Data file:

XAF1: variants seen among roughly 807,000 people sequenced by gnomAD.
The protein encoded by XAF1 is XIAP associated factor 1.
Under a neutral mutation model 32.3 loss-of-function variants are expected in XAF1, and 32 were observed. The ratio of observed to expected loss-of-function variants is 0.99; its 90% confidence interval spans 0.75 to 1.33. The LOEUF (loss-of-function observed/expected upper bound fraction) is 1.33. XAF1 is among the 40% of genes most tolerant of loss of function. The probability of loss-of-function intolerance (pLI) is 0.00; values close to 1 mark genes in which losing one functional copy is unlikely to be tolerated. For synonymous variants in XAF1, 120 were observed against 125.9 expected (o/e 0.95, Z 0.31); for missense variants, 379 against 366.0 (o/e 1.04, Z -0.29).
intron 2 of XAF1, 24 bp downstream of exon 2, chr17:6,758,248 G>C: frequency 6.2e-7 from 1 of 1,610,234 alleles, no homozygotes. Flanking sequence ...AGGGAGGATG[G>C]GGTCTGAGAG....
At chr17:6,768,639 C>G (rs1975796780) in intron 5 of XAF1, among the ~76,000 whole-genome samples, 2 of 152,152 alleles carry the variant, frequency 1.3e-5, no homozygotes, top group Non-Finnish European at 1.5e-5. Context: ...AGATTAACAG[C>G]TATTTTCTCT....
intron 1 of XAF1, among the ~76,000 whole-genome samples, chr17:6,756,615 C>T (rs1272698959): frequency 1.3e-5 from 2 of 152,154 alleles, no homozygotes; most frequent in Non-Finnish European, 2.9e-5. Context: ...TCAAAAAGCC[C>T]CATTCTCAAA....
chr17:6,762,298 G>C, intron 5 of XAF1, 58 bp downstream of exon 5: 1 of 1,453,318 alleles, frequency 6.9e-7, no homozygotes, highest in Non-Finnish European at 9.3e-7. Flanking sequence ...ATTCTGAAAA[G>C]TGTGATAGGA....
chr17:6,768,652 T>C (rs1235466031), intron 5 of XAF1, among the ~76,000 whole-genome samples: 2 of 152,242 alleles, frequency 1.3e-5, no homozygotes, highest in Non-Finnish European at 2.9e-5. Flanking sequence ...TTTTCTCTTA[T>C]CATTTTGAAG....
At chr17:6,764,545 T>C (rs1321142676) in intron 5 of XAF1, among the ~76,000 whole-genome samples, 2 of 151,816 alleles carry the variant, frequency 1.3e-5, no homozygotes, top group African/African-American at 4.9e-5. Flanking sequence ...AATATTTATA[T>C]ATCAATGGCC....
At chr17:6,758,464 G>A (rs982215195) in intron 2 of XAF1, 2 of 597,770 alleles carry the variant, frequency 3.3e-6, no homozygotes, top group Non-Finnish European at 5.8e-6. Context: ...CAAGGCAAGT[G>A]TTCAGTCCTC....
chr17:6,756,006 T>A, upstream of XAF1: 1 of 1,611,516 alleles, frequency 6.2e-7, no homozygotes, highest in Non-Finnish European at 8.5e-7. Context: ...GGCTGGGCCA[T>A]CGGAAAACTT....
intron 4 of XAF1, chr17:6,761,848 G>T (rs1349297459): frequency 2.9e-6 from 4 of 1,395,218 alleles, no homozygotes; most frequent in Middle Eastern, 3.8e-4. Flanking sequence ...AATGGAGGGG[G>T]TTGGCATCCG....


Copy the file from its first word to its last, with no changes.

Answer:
XAF1: variants seen among roughly 807,000 people sequenced by gnomAD.
The protein encoded by XAF1 is XIAP associated factor 1.
Under a neutral mutation model 32.3 loss-of-function variants are expected in XAF1, and 32 were observed. The ratio of observed to expected loss-of-function variants is 0.99; its 90% confidence interval spans 0.75 to 1.33. The LOEUF (loss-of-function observed/expected upper bound fraction) is 1.33. XAF1 is among the 40% of genes most tolerant of loss of function. The probability of loss-of-function intolerance (pLI) is 0.00; values close to 1 mark genes in which losing one functional copy is unlikely to be tolerated. For synonymous variants in XAF1, 120 were observed against 125.9 expected (o/e 0.95, Z 0.31); for missense variants, 379 against 366.0 (o/e 1.04, Z -0.29).
intron 2 of XAF1, 24 bp downstream of exon 2, chr17:6,758,248 G>C: frequency 6.2e-7 from 1 of 1,610,234 alleles, no homozygotes. Flanking sequence ...AGGGAGGATG[G>C]GGTCTGAGAG....
At chr17:6,768,639 C>G (rs1975796780) in intron 5 of XAF1, among the ~76,000 whole-genome samples, 2 of 152,152 alleles carry the variant, frequency 1.3e-5, no homozygotes, top group Non-Finnish European at 1.5e-5. Context: ...AGATTAACAG[C>G]TATTTTCTCT....
intron 1 of XAF1, among the ~76,000 whole-genome samples, chr17:6,756,615 C>T (rs1272698959): frequency 1.3e-5 from 2 of 152,154 alleles, no homozygotes; most frequent in Non-Finnish European, 2.9e-5. Context: ...TCAAAAAGCC[C>T]CATTCTCAAA....
chr17:6,762,298 G>C, intron 5 of XAF1, 58 bp downstream of exon 5: 1 of 1,453,318 alleles, frequency 6.9e-7, no homozygotes, highest in Non-Finnish European at 9.3e-7. Flanking sequence ...ATTCTGAAAA[G>C]TGTGATAGGA....
chr17:6,768,652 T>C (rs1235466031), intron 5 of XAF1, among the ~76,000 whole-genome samples: 2 of 152,242 alleles, frequency 1.3e-5, no homozygotes, highest in Non-Finnish European at 2.9e-5. Flanking sequence ...TTTTCTCTTA[T>C]CATTTTGAAG....
At chr17:6,764,545 T>C (rs1321142676) in intron 5 of XAF1, among the ~76,000 whole-genome samples, 2 of 151,816 alleles carry the variant, frequency 1.3e-5, no homozygotes, top group African/African-American at 4.9e-5. Flanking sequence ...AATATTTATA[T>C]ATCAATGGCC....
At chr17:6,758,464 G>A (rs982215195) in intron 2 of XAF1, 2 of 597,770 alleles carry the variant, frequency 3.3e-6, no homozygotes, top group Non-Finnish European at 5.8e-6. Context: ...CAAGGCAAGT[G>A]TTCAGTCCTC....
chr17:6,756,006 T>A, upstream of XAF1: 1 of 1,611,516 alleles, frequency 6.2e-7, no homozygotes, highest in Non-Finnish European at 8.5e-7. Context: ...GGCTGGGCCA[T>A]CGGAAAACTT....
intron 4 of XAF1, chr17:6,761,848 G>T (rs1349297459): frequency 2.9e-6 from 4 of 1,395,218 alleles, no homozygotes; most frequent in Middle Eastern, 3.8e-4. Flanking sequence ...AATGGAGGGG[G>T]TTGGCATCCG....